Dr. Volgman shares if there is anything special she does for women with palpitations that other doctors do not.
One of the best things that I have done for a lot of women who have palpitations is that I find that a lot of them just need magnesium. A lot of women are deficient in magnesium, just like they are deficient in vitamin D. I am finding that women who have palpitations are best served by just increasing their magnesium level.
I just give them, it’s not even a prescription, but I do give the prescription for magnesium oxide, about 400 to 500 milligrams a day, and about 85 to 90% of my patients will be cured of their palpitations. And they come back to me and they say, “You’re a miracle worker. Why didn’t my doctors give me this five years ago?” And I have women who come to me because they are so tired and so depressed from their beta-blockers, and their physicians just tell them, “Well, you either take this or you’ll have palpitations. What’s it going to be?”
And I think that’s so narrow-minded of their doctors, and I’ll just give them a little magnesium, and they’ll come back and say, “I love you. You’ve cured me.” And that’s all I’ve given them is magnesium, so I think it’s a great thing. Now I want to make sure that not every woman just be given magnesium, and they have SVT that could actually be ablated.
Twenty-five percent of the population have a potential for having supraventricular tachycardia which can be easily ablated and they are cured. You never have to see the cardiologist again because you are cured, but there are a lot of women out there who are suffering from palpitations, and their doctors won’t even get an event recorder which is so easy to get to find out that they have this problem that can easily be cured.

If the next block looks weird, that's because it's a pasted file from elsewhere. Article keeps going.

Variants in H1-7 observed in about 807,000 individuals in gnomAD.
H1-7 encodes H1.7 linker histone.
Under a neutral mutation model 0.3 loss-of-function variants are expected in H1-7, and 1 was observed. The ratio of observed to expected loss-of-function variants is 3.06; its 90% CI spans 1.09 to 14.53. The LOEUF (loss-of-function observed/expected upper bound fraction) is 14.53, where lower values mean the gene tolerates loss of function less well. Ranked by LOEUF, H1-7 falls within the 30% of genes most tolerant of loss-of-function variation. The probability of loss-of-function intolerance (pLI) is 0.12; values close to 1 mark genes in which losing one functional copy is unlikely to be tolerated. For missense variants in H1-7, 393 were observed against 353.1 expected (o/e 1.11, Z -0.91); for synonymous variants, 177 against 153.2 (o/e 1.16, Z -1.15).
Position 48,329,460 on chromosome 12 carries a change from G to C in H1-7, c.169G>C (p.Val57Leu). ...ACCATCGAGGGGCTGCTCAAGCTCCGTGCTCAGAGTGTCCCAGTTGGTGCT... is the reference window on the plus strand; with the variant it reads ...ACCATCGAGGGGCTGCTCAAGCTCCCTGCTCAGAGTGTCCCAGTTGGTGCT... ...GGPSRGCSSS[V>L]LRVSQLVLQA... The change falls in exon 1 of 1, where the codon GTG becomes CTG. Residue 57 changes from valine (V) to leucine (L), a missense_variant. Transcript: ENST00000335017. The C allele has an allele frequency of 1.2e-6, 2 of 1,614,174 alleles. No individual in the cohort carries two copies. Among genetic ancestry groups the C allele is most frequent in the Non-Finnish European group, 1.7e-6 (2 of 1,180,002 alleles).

So I want to empower women to be more proactive in their disease that they are aggressive with their doctor, assertive with their doctor is a better word, to get the diagnosis and to give them drugs or supplements that can help them and not get the bad side effects that some of these medications give.
About Dr. Volgman, M.D., F.A.C.C.:
Annabelle S. Volgman is associate professor of medicine and medical director of the Heart Center for Women at Rush University Medical Center in Chicago. Dr. Volgman graduated from Barnard College, Columbia University, and received her medical doctorate degree from Columbia University College of Physicians and Surgeons, New York. She received her internal medicine training at the University of Chicago Hospitals and Clinics and her cardiology fellowship training at Northwestern Memorial Hospital in Chicago. She was a fellow in clinical electrophysiology at Northwestern Memorial Hospital and Illinois Masonic Medical Center under Richard Kehoe, M.D.
Dr. Volgman has published numerous abstracts and articles in multiple topics of women and heart disease as well as cardiac electrophysiology. She is currently president of the Metro Chicago Board of Directors of the AHA. She has been a prominent leader of the Go Red for Women movement and has received numerous awards from the American Heart Association. She has been listed in several lists of top doctors and was named a top doctor in the January 2008 issue of “Chicago Magazine.” She has been interviewed by numerous media about health issues and was featured in “O” magazine as Oprah Winfrey’s cardiologist.
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